Patients with sepsis, particularly younger patients and those with chronic kidney disease, may be at an elevated risk for new-onset epilepsy, according to research presented at the 2019 American Epilepsy Society Annual Meeting, held December 6-10, 2019, in Baltimore, Maryland.
Researchers conducted a population-based, retrospective, matched-cohort study to estimate the risk for new-onset epilepsy among patients hospitalized in the intensive care unit (ICU) for sepsis treatment. Researchers collected data from the patients in the Discharge Abstract Database between 2010 and 2015.
In total, data from 143,892 patients were collected. Patients with sepsis were at a significantly higher risk for epilepsy (hazard ratio [HR] 1.44; 95% CI, 1.15-1.80), however, this risk correlation was not significant after investigators controlled for risk for death (HR 1.16; 95% CI, 0.93-1.45). A bivariate analysis of sepsis survivors was also conducted; results indicated that younger age, chronic kidney disease, and congestive heart failure at baseline were all significantly associated with epilepsy.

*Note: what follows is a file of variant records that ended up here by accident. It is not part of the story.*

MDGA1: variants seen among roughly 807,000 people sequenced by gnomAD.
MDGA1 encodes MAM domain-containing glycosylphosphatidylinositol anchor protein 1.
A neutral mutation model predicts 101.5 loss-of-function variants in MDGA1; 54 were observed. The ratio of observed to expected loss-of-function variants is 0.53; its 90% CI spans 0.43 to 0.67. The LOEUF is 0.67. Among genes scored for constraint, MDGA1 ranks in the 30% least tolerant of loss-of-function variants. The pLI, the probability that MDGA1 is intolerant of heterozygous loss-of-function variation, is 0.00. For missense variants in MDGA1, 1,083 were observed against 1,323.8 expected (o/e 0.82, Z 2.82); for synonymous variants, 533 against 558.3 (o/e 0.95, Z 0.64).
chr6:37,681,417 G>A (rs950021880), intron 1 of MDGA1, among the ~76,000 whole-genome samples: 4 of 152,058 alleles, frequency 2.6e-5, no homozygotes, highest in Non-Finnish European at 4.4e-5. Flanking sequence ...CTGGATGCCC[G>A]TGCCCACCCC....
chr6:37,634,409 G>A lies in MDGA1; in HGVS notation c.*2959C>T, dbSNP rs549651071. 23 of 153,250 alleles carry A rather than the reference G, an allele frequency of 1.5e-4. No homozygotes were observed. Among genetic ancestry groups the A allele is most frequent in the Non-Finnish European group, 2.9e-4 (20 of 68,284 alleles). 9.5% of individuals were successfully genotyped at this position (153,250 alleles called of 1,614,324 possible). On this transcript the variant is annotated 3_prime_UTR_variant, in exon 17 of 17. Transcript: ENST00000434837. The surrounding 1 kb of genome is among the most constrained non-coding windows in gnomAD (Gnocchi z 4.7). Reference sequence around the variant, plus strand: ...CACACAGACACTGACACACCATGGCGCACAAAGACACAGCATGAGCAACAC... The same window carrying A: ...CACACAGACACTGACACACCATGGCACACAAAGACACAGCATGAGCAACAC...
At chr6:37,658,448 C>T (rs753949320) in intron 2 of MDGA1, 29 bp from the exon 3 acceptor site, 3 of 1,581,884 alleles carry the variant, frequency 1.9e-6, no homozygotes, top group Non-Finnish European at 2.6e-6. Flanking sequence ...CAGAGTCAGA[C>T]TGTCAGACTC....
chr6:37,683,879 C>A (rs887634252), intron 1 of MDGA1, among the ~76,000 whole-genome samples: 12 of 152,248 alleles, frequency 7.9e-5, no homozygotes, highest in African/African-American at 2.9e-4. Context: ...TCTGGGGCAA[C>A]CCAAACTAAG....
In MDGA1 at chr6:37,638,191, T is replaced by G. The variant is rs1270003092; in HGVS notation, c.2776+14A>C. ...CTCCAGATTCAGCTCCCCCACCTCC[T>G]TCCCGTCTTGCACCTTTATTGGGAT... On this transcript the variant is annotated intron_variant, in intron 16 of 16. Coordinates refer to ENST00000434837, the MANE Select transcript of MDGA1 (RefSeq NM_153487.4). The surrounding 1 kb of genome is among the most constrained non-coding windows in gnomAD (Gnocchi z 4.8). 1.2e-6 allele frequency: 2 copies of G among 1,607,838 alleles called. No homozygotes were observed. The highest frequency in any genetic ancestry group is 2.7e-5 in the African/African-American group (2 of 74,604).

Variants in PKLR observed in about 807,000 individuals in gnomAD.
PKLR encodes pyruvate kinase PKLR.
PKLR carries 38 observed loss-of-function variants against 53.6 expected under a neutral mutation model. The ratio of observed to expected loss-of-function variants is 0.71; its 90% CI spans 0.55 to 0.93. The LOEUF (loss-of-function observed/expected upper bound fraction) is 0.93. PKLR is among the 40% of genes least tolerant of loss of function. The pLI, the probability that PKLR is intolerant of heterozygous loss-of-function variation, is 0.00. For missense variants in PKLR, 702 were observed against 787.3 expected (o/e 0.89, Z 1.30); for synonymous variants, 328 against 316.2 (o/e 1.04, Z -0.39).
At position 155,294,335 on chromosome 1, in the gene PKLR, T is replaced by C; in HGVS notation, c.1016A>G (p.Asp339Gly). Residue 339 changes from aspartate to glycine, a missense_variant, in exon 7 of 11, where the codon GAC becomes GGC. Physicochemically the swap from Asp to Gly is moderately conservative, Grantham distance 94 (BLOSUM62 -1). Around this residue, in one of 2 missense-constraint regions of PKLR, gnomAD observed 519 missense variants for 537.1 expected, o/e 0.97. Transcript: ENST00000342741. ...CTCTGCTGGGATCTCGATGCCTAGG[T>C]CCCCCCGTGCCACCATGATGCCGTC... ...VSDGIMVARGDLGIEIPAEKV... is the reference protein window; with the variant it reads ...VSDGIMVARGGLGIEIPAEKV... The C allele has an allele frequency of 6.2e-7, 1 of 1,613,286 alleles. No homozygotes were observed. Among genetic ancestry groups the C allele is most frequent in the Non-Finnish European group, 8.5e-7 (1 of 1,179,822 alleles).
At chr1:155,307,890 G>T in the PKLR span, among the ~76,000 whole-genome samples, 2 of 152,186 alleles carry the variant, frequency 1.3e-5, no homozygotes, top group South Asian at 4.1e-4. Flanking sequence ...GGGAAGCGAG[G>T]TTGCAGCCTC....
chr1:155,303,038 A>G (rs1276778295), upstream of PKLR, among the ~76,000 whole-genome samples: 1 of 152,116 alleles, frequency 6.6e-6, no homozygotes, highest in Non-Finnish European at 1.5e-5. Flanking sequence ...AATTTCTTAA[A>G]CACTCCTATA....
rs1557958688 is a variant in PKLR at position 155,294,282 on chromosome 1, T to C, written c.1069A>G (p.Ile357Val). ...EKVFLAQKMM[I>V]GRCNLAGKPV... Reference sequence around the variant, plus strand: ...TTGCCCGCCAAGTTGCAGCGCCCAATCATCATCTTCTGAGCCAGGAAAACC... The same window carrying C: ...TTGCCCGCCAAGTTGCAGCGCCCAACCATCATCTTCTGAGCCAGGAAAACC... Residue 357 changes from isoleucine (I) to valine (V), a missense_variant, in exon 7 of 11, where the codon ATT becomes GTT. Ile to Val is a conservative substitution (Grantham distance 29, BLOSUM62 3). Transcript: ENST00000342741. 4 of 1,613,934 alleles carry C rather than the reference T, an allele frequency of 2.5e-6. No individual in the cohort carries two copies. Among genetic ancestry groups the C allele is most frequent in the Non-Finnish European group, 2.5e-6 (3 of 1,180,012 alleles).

Further multivariable analysis also indicated that sepsis in young patients and those with chronic kidney disease were significant risk factors for epilepsy (HR, 0.97 and 2.25, respectively).
“These findings indicate that sepsis may be an unrecognized epilepsy risk factor,” the researchers concluded. “Possible mechanisms include damage to the blood-brain barrier as a result of renal dysfunction, persisting inflammation after the acute episode, and increased risk of cardiovascular events following sepsis.”
Antaya TC, Allen BN, Richard L, Shariff SZ, Saposnik G, Burneo JG. Epilepsy risk among survivors of intensive care unit hospitalization for sepsis. Presented at: The American Epilepsy Society 2019 Annual Meeting; December 6-10, 2019; Baltimore, MD. Abstract 2.387.